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Tracy Yue Wang: The impact of a CEO’s cultural heritage

Tuesday, May 19, 2020

Imagine this scenario: Two people are equally qualified candidates to be the next CEO of your large, U.S.-based company. One person is of British heritage, the other German. Your top priority for the new CEO is growing the company via mergers and acquisitions (M&A). Based on that information, who do you choose?

Tracy Yue Wang, a Carlson School Finance Professor, would pick the Brit every time. And her research strongly backs that up.

Why?

“The British, culturally speaking, are more comfortable with uncertainty relative to the Germans,” says Wang. “M&A activities are often company-altering decisions and inherently come with many unknowns. Having a CEO who isn’t afraid of those, which we can tell from their cultural heritage, signals they’re more likely to engage in those activities. In contrast, Germans prefer certainty, meaning M&A is much less likely to occur.”

In fact, Wang finds that a CEO’s cultural heritage plays a deeper role in their decision making than we may assume. Wang and her colleagues reviewed more than 13,000 CEOs of nearly 9,000 U.S. publicly-traded companies between 1982- 2012, using immigration records and last names to determine cultural origin. They found 8,250 unique last names, most commonly of British, German, Irish, and Italian heritage.

Avoiding uncertainty

Wang and her team then used an uncertainty avoidance index (UAI) to capture cultural attitudes toward unfamiliar and unstructured situations. Dutch social psychologist Geert Hofstede developed UAI after reviewing several social characteristics and measuring their prevalence in each nation’s population.

Looking at M&A activity—which comes with uncertainties— proved useful for Wang and her team in confirming that cultural attitudes can affect CEO decision making.

“We found that CEOs with a more uncertainty-adverse cultural heritage are significantly less likely to engage in corporate acquisitions,” she says. “Also, those CEOs from more uncertainty-avoiding cultural backgrounds are more likely to choose targets in industries in which they have prior work experiences, lowering that uncertainty.”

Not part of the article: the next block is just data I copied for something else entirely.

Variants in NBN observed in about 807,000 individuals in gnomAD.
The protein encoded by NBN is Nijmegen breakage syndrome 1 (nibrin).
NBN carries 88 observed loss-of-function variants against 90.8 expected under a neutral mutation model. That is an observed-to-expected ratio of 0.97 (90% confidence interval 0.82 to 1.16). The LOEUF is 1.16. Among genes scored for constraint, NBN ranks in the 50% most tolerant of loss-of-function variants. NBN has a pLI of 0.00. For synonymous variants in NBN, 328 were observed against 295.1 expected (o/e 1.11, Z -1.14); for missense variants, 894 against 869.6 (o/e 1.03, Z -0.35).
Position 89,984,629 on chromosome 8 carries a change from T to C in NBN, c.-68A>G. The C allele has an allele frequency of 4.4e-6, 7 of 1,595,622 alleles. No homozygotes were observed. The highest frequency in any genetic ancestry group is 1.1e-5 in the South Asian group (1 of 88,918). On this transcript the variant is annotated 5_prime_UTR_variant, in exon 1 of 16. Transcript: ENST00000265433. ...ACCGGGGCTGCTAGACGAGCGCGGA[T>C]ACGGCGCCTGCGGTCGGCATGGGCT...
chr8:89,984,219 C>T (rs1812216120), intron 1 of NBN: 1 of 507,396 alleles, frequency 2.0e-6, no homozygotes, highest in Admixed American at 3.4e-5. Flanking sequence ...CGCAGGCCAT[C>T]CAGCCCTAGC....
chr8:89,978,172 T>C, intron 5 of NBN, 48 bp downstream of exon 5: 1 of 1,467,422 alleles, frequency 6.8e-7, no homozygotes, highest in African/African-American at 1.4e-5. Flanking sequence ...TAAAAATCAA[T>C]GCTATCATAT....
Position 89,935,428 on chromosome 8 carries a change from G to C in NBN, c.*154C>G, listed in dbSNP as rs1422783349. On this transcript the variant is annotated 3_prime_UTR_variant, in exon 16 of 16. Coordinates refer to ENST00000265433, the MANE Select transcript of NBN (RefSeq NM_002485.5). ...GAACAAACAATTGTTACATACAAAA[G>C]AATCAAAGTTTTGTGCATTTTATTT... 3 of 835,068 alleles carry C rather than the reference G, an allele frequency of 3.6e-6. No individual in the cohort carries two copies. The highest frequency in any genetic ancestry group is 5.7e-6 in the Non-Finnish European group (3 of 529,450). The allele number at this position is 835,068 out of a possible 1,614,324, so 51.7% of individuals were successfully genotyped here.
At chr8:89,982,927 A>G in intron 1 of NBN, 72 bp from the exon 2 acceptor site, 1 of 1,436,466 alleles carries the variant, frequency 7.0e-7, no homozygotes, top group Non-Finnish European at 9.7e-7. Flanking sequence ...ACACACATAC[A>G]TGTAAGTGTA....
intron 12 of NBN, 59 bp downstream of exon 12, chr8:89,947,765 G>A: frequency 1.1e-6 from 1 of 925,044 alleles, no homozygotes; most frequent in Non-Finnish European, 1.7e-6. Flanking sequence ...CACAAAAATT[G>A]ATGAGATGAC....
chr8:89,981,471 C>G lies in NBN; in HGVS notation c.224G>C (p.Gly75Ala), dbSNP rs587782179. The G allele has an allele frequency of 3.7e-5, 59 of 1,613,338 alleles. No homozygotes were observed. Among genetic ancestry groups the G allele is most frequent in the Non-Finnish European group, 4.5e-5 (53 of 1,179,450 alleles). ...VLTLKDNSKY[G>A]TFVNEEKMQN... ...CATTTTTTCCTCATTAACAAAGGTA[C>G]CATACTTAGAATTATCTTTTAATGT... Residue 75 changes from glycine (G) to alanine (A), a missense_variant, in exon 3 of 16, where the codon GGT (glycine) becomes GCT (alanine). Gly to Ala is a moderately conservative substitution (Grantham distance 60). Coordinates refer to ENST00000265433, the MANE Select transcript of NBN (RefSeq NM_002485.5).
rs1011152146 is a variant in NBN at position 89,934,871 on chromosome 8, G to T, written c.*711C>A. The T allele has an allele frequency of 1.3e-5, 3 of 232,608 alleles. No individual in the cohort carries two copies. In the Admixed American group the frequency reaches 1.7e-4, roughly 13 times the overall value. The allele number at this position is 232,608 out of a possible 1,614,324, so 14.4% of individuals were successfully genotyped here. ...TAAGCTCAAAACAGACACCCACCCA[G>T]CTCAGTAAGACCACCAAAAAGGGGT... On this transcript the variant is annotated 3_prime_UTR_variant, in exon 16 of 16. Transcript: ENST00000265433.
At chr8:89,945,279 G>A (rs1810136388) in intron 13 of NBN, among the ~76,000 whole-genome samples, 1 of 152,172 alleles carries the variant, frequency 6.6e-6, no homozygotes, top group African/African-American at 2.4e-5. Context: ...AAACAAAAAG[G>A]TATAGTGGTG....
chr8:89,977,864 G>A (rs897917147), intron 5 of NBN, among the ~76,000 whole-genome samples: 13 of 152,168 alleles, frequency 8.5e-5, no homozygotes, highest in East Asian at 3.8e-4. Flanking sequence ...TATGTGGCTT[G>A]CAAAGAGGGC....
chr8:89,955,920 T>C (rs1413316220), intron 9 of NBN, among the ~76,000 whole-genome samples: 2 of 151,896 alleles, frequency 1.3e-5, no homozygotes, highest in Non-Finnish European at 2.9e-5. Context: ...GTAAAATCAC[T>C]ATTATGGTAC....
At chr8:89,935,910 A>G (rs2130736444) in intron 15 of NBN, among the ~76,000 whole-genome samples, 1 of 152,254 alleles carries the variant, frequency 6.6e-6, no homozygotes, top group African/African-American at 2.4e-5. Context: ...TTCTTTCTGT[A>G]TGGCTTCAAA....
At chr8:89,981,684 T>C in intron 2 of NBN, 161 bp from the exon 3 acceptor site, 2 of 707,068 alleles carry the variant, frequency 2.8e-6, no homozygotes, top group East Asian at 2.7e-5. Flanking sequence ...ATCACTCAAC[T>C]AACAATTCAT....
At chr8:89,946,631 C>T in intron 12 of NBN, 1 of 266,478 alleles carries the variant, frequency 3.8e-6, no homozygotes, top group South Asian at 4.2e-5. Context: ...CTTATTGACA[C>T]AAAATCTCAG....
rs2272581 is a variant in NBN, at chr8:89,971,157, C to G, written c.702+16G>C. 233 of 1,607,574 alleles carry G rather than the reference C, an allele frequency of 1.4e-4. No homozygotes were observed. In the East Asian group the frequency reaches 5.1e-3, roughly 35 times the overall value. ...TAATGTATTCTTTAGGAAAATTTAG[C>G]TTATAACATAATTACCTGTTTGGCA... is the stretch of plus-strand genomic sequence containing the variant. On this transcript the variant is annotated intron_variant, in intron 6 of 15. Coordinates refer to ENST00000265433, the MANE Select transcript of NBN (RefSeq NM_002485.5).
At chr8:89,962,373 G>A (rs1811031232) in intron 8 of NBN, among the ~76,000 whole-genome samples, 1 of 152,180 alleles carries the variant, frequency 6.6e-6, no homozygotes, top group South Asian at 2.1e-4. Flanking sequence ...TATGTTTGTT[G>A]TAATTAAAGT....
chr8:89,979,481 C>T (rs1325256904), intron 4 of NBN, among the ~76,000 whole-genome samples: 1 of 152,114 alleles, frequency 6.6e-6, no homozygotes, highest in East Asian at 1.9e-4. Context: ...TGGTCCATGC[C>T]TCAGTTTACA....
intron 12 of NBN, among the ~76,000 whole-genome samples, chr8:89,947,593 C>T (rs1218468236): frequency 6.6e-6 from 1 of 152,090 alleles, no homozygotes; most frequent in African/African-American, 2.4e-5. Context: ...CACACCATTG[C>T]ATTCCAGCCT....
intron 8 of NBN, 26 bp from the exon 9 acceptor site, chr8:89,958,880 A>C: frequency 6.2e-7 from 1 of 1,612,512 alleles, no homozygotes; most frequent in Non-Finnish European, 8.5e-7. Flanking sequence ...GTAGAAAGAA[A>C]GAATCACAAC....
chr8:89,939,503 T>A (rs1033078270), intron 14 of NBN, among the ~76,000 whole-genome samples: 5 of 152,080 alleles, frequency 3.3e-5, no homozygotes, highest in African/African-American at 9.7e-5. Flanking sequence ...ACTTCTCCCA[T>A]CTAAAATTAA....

Corporate leaders’ cultural heritage can help us understand corporate decision making.

– Tracy Yue Wang

The role of a CEO’s parents

On top of that, Wang’s research also looked at the influence of CEOs parents. Since most of the CEOs in U.S. publicly-traded companies were born in the U.S., parenting likely plays a crucial role in the transmission of cultural values and preferences. This is indeed what Wang’s research found. A CEO’s cultural heritage is a better predictor of his or her corporate decisions if the CEO’s parents emphasize cultural heritage more. They also found some interesting differences between sons and daughters. Male CEOs’ attitudes towards uncertainty were mainly influenced by their father’s cultural heritage while female CEOs’ attitudes towards uncertainty were shaped by both parents’ heritage.

These links between cultural heritage and decision making are quite persistent, lasting up to 100 years after the family immigrated to the U.S., according to their estimates. But there is gradual assimilation over time.

Long-lasting impact

“Corporate leaders’ cultural heritage can help us understand corporate decision making,” Wang says. "CEOs have the biggest impact on their company out of anybody. If we are able to figure out their preferences and look at the factors that affect their decision making such as their cultural heritage, we can better assess their appetite for uncertainty and understand why a CEO may be making certain decisions.”

This article appeared in the Spring 2020 Discovery magazine

In this issue of Discovery at Carlson, you’ll read about how emerging countries handle the demand for vaccines and why we make different decisions during a presidential election year to the long-lasting impact of a CEO’s cultural heritage and a study supporting quarterly earnings reports, among other topics.

Spring 2020 table of contents